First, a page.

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Government boost of £5.5m for West Midlands Mayor’s drive to clean up bus emissions


A £5.5m Government award has given a major boost to Mayor of the West Midlands Andy Street’s commitment to deliver the cleanest bus fleet in the UK outside London.

The West Midlands Combined Authority (WMCA) has received nearly £3m to upgrade buses to the latest ‘Euro VI’ emissions standard across the region, with a further £2.5m going to Coventry.

The Mayor’s goal is for the entire fleet in the West Midlands metropolitan area to have Euro VI engines by April 2021– cutting harmful pollution across the bus network by up to 95 per cent.

Mayor of the West Midlands Andy Street with National Express West Midlands apprentice Amy Manning
Mayor of the West Midlands Andy Street with National Express West Midlands apprentice Amy Manning

Buses with Euro VI engines are far cleaner than older models – helping to improve the health of thousands of people who live and work in the area and to reduce the emissions that cause climate change.

The funding from the Department for Environment, Food and Rural Affairs (Defra) will enable 350 buses in the West Midlands to be retrofitted to Euro VI standard.

The Mayor said: “I am delighted that we have been successful in our bid for Government funding. This is a massive boost to our ambition to clean up the air in the West Midlands.

“We will now be working with the companies involved to make sure their vehicles are upgraded as soon as possible.

“Poor air quality contributes to almost 1,500 premature deaths per year in the West Midlands, so I have pledged that every bus in the metropolitan area will be replaced or upgraded by April 2021.

“Today’s announcement is a fantastic step towards this target. There is still work to do and I am determined to attract more funding for the West Midlands to make this happen.”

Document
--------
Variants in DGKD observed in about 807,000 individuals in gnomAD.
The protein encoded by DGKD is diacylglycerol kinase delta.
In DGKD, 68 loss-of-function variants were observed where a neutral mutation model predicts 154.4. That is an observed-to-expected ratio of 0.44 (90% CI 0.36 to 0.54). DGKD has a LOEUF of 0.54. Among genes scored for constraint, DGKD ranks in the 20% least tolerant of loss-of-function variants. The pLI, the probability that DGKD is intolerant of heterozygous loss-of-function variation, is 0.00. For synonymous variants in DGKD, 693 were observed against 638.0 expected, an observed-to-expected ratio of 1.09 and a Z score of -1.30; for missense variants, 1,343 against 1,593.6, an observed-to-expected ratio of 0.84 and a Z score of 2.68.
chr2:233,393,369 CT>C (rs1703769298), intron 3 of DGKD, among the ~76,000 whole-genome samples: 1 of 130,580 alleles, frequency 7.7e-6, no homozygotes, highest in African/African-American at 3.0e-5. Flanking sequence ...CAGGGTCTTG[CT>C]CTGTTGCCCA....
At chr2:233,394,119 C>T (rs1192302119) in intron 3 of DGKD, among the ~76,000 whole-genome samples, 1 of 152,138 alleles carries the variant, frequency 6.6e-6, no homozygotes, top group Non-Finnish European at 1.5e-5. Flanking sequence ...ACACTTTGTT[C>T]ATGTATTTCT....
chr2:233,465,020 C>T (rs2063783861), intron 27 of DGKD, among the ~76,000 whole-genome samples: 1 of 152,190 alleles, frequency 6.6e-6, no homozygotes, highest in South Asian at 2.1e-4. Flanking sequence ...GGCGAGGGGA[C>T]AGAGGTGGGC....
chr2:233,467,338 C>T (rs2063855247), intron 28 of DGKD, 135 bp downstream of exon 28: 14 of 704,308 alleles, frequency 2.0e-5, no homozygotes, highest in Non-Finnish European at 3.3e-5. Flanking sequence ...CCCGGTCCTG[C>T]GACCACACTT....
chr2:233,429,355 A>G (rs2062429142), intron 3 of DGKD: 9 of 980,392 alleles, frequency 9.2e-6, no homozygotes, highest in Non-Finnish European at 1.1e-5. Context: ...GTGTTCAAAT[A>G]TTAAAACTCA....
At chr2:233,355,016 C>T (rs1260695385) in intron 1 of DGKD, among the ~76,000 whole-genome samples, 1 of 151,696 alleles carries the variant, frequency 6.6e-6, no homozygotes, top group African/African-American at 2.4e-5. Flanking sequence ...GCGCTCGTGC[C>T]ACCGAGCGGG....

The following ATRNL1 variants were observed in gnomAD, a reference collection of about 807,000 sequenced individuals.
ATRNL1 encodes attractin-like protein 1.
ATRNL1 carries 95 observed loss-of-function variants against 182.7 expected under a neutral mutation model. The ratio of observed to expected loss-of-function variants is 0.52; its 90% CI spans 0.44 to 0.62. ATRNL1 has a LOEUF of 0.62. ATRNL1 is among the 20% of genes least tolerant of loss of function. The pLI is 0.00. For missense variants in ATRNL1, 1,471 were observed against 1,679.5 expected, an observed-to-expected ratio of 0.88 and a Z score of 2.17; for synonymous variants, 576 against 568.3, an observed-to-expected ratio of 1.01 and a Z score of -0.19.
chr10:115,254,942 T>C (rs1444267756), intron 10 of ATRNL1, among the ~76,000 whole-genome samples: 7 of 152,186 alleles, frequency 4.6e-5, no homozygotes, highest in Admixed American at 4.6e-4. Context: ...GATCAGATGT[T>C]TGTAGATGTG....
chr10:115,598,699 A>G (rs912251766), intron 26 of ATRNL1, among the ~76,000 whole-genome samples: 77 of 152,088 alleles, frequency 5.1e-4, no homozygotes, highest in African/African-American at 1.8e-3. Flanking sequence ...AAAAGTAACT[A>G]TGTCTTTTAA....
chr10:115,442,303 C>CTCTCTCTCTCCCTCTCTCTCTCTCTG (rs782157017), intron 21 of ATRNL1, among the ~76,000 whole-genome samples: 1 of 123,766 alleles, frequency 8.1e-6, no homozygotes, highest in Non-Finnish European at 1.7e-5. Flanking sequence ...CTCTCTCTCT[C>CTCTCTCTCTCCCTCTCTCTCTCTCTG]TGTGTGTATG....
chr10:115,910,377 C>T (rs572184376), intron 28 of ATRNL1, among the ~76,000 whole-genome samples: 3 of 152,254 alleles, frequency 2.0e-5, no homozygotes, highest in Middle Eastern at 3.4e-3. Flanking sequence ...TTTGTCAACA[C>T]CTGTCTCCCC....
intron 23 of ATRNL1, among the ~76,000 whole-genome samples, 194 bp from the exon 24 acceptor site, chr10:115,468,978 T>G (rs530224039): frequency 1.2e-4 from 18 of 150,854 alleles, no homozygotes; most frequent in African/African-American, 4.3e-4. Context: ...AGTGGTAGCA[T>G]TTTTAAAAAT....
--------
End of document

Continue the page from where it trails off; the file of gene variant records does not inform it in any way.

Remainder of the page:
Cllr Roger Lawrence, leader of Wolverhampton City Council and WMCA portfolio holder for transport, added: “Reducing bus emissions is a vital part of our programme to improve people’s health and quality of life by cleaning up the air.

“Cleaner, greener buses will also encourage more car drivers to leave their vehicles at home and take the bus instead – which will reduce pollution even more.”

To help bus companies replace or upgrade their most polluting vehicles, Transport for West Midlands (TfWM), which is part of the WMCA, has already waived the fees it charges them for using the region’s bus stations and roadside passenger information for a year.

This has given the companies an extra £2.7m this year and this will see 360 more buses replaced or upgraded. There are about 2,100 buses and 29 operators across the West Midlands metropolitan area.

Last month, Coventry City Council and National Express won £2.2m from the Government for ten new, zero-emission electric buses and Wolverhampton City Council secured funding for one electric bus.

The Mayor’s ambition, if successful, would see the West Midlands matching London, which is currently upgrading or replacing all its buses to meet the Euro VI standard.